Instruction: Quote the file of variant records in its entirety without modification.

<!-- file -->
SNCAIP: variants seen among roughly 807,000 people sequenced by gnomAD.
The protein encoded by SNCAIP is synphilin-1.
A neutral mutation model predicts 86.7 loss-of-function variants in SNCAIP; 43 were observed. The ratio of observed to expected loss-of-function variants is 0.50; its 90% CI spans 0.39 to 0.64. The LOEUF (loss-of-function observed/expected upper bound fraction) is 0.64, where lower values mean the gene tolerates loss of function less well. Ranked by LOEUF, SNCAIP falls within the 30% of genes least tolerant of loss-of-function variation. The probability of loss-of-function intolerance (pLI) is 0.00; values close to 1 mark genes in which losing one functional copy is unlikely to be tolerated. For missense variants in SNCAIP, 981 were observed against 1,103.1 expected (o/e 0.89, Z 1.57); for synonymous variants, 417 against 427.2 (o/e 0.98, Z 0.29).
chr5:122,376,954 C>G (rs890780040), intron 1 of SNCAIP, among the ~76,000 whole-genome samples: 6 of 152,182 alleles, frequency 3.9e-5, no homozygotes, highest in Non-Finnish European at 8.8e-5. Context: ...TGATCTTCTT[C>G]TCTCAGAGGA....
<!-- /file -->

SNCAIP: variants seen among roughly 807,000 people sequenced by gnomAD.
The protein encoded by SNCAIP is synphilin-1.
A neutral mutation model predicts 86.7 loss-of-function variants in SNCAIP; 43 were observed. The ratio of observed to expected loss-of-function variants is 0.50; its 90% CI spans 0.39 to 0.64. The LOEUF (loss-of-function observed/expected upper bound fraction) is 0.64, where lower values mean the gene tolerates loss of function less well. Ranked by LOEUF, SNCAIP falls within the 30% of genes least tolerant of loss-of-function variation. The probability of loss-of-function intolerance (pLI) is 0.00; values close to 1 mark genes in which losing one functional copy is unlikely to be tolerated. For missense variants in SNCAIP, 981 were observed against 1,103.1 expected (o/e 0.89, Z 1.57); for synonymous variants, 417 against 427.2 (o/e 0.98, Z 0.29).
chr5:122,376,954 C>G (rs890780040), intron 1 of SNCAIP, among the ~76,000 whole-genome samples: 6 of 152,182 alleles, frequency 3.9e-5, no homozygotes, highest in Non-Finnish European at 8.8e-5. Context: ...TGATCTTCTT[C>G]TCTCAGAGGA....